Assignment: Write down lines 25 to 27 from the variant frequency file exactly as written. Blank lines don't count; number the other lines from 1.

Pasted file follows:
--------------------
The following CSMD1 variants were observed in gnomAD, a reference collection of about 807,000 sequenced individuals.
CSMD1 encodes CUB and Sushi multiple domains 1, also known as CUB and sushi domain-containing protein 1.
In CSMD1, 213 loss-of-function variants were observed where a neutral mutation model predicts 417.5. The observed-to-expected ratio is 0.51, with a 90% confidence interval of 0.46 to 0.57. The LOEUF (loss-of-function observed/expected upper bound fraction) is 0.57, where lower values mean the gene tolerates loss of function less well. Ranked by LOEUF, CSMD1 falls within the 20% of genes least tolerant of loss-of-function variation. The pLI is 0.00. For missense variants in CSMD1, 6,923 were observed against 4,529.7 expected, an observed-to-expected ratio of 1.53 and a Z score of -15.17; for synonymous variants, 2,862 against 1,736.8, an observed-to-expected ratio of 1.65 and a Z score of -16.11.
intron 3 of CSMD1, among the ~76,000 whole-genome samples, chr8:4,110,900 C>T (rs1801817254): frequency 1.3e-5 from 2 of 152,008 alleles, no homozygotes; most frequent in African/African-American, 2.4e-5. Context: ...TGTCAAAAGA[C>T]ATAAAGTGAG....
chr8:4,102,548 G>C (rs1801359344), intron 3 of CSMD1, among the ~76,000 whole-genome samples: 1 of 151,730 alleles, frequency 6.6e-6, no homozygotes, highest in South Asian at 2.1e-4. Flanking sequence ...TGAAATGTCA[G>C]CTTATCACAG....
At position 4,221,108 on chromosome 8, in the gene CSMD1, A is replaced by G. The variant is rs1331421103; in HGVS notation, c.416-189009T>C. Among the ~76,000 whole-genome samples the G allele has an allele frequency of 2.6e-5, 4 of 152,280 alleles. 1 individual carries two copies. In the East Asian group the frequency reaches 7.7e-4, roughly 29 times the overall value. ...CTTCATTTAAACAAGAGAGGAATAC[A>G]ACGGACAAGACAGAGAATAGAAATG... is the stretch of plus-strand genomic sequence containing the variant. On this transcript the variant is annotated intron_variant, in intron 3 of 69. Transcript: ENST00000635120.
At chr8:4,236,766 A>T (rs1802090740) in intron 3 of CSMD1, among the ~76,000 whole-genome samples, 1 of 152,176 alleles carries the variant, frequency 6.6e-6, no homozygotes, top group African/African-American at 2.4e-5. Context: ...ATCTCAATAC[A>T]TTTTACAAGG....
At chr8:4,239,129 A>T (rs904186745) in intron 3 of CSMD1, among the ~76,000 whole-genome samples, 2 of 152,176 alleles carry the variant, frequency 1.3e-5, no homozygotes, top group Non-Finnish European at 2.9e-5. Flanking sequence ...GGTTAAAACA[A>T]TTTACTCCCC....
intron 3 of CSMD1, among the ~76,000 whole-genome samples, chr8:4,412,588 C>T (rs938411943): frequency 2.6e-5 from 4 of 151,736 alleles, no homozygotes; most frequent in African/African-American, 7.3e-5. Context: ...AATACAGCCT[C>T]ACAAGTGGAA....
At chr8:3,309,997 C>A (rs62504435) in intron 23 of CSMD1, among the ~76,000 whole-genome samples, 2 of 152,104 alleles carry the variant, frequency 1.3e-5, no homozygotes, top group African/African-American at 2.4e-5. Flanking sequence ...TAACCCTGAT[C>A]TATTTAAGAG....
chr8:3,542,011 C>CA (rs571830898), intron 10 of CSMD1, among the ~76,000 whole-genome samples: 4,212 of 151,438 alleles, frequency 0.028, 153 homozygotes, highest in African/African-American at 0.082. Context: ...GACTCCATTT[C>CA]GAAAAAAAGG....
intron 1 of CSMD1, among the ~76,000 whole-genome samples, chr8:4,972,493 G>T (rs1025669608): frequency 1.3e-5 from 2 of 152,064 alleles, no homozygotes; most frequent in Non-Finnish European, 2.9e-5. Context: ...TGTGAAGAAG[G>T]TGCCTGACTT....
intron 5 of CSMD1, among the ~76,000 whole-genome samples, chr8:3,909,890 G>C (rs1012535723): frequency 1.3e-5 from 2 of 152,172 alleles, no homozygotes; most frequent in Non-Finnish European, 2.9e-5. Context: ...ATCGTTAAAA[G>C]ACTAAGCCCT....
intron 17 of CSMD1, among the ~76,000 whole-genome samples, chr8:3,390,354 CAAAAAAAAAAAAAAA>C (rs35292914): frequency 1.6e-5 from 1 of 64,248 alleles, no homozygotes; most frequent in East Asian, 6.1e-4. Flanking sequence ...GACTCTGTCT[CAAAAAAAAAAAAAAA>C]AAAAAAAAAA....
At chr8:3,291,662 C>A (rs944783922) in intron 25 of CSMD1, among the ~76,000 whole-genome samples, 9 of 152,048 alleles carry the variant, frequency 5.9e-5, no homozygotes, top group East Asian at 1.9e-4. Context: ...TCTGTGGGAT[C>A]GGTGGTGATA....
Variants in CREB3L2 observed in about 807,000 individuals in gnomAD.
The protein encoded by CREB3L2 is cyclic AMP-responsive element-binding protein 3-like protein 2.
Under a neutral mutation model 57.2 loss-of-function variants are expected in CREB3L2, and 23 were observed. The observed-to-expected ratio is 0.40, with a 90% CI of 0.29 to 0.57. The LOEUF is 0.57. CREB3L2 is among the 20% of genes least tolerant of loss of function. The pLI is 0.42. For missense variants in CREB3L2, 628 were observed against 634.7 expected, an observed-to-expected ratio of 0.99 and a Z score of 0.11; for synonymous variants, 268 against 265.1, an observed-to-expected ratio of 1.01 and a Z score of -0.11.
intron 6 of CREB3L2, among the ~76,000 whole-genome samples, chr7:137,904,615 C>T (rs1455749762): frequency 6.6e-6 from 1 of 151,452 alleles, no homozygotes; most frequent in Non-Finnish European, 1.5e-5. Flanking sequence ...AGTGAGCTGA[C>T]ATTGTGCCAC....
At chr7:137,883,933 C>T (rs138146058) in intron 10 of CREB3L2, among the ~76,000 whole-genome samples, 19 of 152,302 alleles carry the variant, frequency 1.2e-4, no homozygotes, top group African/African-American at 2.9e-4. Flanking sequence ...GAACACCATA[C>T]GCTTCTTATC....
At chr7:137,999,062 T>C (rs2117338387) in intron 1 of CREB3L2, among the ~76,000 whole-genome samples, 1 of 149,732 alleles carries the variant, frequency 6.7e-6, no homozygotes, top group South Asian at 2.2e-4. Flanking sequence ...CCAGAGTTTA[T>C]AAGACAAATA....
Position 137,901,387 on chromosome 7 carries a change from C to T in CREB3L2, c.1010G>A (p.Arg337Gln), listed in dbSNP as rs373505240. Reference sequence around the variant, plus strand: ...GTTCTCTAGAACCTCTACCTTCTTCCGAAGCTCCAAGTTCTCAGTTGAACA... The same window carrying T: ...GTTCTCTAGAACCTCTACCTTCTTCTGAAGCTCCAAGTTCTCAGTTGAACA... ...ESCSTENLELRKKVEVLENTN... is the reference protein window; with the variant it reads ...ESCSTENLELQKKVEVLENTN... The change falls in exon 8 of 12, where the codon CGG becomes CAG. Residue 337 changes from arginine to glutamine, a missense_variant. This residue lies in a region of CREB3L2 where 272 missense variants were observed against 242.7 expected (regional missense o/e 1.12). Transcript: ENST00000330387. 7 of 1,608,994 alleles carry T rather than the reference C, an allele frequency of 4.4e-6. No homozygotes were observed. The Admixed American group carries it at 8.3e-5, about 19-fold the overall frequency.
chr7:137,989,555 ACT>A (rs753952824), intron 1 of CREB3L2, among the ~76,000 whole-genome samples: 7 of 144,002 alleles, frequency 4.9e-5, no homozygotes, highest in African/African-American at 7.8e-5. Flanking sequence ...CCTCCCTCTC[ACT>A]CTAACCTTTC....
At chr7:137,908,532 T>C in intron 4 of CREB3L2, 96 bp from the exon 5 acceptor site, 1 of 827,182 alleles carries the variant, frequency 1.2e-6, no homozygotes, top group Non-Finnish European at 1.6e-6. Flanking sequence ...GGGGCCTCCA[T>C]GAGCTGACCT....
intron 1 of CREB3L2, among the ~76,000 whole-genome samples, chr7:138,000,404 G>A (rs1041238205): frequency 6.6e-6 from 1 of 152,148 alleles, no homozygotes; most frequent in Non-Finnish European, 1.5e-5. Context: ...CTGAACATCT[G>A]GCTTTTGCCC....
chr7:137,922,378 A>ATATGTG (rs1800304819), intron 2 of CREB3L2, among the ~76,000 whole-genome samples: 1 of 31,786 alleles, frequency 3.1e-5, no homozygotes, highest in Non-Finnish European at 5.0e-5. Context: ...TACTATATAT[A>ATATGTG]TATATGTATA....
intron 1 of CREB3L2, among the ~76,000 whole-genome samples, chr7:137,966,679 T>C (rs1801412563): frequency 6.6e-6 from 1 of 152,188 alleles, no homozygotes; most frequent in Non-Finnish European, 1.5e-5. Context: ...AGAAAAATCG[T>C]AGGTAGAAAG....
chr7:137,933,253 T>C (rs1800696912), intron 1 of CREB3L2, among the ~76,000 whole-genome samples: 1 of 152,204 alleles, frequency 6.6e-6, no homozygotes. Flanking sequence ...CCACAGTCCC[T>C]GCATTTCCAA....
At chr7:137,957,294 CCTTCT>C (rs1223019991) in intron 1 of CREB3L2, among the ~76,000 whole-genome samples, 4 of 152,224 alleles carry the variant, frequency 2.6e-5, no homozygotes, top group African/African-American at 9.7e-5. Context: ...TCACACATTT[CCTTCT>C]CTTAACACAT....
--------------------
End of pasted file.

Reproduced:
intron 1 of CREB3L2, among the ~76,000 whole-genome samples, chr7:138,000,404 G>A (rs1041238205): frequency 6.6e-6 from 1 of 152,148 alleles, no homozygotes; most frequent in Non-Finnish European, 1.5e-5. Context: ...CTGAACATCT[G>A]GCTTTTGCCC....
chr7:137,922,378 A>ATATGTG (rs1800304819), intron 2 of CREB3L2, among the ~76,000 whole-genome samples: 1 of 31,786 alleles, frequency 3.1e-5, no homozygotes, highest in Non-Finnish European at 5.0e-5. Context: ...TACTATATAT[A>ATATGTG]TATATGTATA....
intron 1 of CREB3L2, among the ~76,000 whole-genome samples, chr7:137,966,679 T>C (rs1801412563): frequency 6.6e-6 from 1 of 152,188 alleles, no homozygotes; most frequent in Non-Finnish European, 1.5e-5. Context: ...AGAAAAATCG[T>C]AGGTAGAAAG....